The trouble started in late 2014 when oil prices plummeted from $111/barrel to a low of $27/barrel. This caused an existential crisis for the Venezuelan government as oil exports account for anywhere between 90-95% of the Venezuelan economy. This came about under the Chavez years when the country grew fat on record oil prices; causing a reversal of the country’s economic diversification and liberalization. The drop in oil revenue meant an end to many of the subsidies that won the PSUV election after election. To counter the effects of reduced growth, President Maduro tightened the country’s price controls on consumer goods.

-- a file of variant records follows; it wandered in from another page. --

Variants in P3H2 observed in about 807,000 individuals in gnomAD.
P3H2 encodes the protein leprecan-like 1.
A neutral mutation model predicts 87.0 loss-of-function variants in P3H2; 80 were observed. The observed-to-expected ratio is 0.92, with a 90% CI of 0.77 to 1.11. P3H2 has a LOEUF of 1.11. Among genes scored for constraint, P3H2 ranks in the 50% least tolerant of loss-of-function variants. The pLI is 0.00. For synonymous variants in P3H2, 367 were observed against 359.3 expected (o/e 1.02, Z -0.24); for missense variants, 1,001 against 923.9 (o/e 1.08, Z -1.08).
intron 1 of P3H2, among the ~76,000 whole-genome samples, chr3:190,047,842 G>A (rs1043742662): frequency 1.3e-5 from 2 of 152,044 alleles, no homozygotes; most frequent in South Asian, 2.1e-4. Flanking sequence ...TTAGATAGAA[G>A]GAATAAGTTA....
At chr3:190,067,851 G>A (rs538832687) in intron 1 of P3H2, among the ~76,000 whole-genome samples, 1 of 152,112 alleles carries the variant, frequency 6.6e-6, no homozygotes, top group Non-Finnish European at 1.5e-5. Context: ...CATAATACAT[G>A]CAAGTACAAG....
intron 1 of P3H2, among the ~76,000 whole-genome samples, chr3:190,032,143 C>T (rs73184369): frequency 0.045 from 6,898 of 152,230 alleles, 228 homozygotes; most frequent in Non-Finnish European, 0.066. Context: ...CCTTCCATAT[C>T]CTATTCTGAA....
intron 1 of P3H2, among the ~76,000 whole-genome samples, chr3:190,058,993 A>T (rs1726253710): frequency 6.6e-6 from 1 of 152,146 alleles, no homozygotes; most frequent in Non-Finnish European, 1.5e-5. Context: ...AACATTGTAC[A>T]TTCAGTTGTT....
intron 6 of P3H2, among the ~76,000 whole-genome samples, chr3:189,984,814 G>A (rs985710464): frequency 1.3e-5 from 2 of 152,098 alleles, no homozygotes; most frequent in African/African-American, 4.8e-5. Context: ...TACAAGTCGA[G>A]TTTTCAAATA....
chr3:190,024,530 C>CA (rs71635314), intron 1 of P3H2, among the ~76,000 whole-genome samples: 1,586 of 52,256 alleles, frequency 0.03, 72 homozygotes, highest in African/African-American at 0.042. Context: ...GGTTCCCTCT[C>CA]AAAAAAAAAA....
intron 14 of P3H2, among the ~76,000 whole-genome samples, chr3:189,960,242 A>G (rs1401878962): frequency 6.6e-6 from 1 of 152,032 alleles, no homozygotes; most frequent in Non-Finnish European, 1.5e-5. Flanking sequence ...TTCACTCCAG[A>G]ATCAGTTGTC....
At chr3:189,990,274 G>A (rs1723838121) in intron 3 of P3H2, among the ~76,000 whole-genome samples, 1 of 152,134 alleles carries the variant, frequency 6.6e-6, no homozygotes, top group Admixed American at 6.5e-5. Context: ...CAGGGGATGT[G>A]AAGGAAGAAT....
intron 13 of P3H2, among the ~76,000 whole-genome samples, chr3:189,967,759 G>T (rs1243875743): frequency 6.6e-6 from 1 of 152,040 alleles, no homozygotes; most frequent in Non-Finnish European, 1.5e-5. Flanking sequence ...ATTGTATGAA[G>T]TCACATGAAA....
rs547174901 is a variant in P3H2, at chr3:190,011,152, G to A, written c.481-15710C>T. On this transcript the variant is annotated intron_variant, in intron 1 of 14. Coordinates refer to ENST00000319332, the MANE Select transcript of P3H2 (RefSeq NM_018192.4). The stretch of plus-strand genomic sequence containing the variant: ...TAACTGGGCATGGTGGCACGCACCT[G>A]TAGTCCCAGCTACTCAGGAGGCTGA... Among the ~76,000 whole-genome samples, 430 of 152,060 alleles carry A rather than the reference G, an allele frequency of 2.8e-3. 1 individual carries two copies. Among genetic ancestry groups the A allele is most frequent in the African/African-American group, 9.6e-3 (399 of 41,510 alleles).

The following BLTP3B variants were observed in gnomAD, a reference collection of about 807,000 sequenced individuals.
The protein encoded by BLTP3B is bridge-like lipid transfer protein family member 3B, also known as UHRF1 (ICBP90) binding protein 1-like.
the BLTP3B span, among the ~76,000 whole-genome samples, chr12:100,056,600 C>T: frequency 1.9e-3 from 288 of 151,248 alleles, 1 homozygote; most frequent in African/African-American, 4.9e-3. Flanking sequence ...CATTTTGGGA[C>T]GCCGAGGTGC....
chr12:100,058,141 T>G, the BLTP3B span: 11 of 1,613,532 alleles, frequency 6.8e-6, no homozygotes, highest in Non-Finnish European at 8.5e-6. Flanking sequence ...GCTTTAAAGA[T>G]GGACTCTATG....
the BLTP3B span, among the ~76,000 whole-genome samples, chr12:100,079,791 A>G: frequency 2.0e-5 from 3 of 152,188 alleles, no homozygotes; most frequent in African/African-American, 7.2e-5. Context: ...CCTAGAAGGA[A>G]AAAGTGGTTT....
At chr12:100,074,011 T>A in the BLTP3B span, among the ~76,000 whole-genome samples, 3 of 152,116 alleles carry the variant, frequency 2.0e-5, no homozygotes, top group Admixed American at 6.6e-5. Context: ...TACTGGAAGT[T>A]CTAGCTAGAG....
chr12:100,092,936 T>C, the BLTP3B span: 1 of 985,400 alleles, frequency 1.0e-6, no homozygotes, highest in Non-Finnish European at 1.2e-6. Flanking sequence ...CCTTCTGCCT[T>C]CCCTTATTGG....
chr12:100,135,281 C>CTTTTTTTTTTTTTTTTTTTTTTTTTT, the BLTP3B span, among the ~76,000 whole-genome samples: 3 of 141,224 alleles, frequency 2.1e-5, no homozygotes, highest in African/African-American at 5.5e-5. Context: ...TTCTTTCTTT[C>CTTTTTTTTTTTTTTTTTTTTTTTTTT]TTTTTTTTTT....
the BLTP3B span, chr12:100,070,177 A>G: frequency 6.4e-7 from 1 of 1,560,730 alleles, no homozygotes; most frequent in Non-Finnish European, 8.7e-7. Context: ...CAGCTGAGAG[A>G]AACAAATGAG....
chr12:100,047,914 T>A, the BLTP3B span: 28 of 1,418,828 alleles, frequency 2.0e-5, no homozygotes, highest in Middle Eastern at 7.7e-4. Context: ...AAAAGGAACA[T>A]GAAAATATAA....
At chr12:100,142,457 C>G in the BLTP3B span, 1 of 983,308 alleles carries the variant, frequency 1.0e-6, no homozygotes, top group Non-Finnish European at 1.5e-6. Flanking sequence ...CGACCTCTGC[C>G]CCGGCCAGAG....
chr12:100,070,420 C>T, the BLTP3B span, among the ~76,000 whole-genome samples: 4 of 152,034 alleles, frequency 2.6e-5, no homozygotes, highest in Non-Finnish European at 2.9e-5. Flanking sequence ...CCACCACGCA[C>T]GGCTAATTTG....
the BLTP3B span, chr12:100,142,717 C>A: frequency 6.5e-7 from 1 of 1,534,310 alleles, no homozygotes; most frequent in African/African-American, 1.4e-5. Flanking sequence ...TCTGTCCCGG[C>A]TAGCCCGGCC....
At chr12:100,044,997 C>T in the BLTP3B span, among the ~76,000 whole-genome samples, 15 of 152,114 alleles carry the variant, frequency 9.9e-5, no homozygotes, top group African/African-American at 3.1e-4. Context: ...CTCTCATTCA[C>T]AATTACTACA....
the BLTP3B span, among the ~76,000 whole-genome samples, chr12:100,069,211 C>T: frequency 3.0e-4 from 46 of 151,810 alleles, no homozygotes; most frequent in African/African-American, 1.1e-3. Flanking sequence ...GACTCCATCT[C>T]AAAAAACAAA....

However, the prices were often set far below the production costs of suppliers and, soon, many companies suspended sales to Venezuela. Shortages of basic goods (a scarcity of toilet paper is the most infamous example) and skyrocketing inflation have now made life increasingly painful for average Venezuelans who often line up for hours only to find empty supermarket shelves. The pain felt by Venezuelans quickly turned to rage and the upheaval that stands to wrest power from Nicolas Maduro and the PSUV.



Yakir Pimentel is a contributor at Geopolitical Monitor.


This column does not necessarily reflect the opinion of the editorial board or Frontera and its owners.